Left: Screenshot of Uhuru website promoting political campaign, Right: image from indictment of Russian agent
After the indictment was announced Friday, former St. Petersburg mayor Rick Kriseman spoke to FOX 13's Evan Axelbank about the 2016 elections.
Kriseman reflected on the Uhuru talking points at the time: View the video on Twitter.
Neither Handberg nor the indictment specifically identifies the organization as the group in question.
After the press conference, members of the St. Pete Uhuru movement confirmed it was their group referenced in the indictment.
St. Pete Uhuru responds with defiance
Eritha ‘Akile’ Cainion led a press conference in response to the FBI indictment of Ionov. Cainion defended and promoted Russia, saying the U.S. and other "world Colonial powers have been collaborating against Russia for well into the early 1900s."
"The history of the African People's Socialist Party is to unite with any forces that unite with the anti-colonial struggle. And we feel that is a just struggle. What this is a propaganda campaign against Russia. We can have relationships with whoever we want," Cainion said.
During the same time, law enforcement officials were at the Uhuru house in St. Pete.
Friday in St. Petersburg, long strands of crime scene tape were draped around the Uhuru House in South St. Pete.
St. Pete Uhuru leave long digital trail of possible evidence
Despite the indictment leaving the Uhuru name out of writing, page 11 of the indictment says, "On or about August 26, 2015, UIC-2 caused US Political Group 1 to post a "Petition on Crime of Genocide Against African People in the United States" on the website Change.org and to promote the petition on its own news website.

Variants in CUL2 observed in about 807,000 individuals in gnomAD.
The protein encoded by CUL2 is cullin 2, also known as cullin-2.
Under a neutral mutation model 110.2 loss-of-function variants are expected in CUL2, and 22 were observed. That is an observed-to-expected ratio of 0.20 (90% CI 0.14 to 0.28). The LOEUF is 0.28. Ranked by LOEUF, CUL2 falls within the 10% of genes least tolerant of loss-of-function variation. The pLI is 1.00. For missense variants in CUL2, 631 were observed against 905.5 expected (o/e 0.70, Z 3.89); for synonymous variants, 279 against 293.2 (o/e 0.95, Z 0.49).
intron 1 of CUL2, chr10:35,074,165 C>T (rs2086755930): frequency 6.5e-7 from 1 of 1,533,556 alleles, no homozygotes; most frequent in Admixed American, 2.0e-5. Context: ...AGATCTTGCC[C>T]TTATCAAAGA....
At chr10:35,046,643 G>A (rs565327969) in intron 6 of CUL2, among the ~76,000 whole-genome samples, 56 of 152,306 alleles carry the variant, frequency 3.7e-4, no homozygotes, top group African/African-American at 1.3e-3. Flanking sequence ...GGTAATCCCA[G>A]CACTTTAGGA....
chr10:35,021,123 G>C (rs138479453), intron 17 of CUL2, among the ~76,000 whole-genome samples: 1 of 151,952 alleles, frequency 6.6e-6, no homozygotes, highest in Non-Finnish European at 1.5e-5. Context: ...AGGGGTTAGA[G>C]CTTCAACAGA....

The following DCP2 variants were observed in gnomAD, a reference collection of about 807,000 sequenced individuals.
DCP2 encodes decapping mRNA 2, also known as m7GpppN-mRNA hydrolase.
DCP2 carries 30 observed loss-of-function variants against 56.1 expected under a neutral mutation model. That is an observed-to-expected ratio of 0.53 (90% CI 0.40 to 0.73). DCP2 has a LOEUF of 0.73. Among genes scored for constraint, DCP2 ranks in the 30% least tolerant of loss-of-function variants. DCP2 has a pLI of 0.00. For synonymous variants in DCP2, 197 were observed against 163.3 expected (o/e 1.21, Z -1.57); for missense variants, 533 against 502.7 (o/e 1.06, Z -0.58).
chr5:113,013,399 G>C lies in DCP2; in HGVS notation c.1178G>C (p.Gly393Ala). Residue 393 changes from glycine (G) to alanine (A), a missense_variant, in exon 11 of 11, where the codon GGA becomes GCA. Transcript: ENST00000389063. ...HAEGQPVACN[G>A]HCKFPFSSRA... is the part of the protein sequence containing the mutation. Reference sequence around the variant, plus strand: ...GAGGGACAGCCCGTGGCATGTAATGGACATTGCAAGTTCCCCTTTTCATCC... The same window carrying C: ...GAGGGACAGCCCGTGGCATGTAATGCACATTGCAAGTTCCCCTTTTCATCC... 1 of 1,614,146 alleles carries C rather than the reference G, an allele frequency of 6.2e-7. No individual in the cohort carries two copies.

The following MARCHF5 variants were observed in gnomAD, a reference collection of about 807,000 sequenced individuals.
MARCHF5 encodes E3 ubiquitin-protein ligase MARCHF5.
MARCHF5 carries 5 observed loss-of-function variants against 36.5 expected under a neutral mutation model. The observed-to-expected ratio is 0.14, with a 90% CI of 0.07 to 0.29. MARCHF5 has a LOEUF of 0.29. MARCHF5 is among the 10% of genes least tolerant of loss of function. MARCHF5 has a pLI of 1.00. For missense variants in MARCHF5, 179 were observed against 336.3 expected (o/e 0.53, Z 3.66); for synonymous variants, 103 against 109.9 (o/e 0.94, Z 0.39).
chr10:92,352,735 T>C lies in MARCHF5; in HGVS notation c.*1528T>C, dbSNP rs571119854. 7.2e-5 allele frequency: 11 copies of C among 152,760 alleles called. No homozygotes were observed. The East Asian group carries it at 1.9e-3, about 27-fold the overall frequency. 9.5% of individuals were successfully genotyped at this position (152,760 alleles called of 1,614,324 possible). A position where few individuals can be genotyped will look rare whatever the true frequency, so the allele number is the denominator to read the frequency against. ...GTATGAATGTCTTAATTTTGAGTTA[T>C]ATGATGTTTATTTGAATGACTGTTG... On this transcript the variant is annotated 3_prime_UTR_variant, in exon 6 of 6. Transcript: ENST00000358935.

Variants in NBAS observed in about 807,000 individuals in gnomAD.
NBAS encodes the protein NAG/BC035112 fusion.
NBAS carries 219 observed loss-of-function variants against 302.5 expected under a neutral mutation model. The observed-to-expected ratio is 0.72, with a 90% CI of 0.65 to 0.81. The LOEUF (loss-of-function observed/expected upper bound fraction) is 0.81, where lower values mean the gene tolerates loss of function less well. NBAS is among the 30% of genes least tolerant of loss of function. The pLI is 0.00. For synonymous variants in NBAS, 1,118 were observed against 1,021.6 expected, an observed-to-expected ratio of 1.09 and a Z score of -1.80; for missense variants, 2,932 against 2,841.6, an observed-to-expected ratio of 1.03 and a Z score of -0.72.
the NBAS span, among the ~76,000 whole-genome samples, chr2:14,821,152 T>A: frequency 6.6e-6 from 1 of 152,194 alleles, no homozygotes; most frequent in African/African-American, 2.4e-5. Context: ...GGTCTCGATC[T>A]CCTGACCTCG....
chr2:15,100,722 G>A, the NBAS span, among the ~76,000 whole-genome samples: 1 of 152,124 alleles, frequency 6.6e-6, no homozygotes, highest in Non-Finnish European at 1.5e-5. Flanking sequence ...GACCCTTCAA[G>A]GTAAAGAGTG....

The petition is still up on change.org, and was posted by International People's Democratic Uhuru Movement:
The petition charges "that the United States government has historically committed the crime of genocide against African people inside its borders, and continues to do so today, often with the complicity of many U.S. citizens.
Screenshot of Change.org petition created by the St. Petersburg Uhuru movement, referenced on page 11 of the indictment
READ: Man arrested after burning Uhuru House flag with flamethrower, St. Pete police say
"Russia targets the United States and its allies as well as other countries to further that goal," Agent Handberg said. "It seeks to create wedges that create distrust in democratic processes."
There are similar allegations in Atlanta and Sacramento, but the indictment did not specifically name the political groups involved in those cities, either.
Uhuru's Florida-based headquarters is located at 1245 18th Avenue South in St. Pete.
The Uhuru Movement is part of the African People’s Socialist Party, which says it is "uniting African people as one people for liberation, social justice, self-reliance and economic development."
MORE: FBI: Russian FSB operative used St. Pete-based political group to influence US elections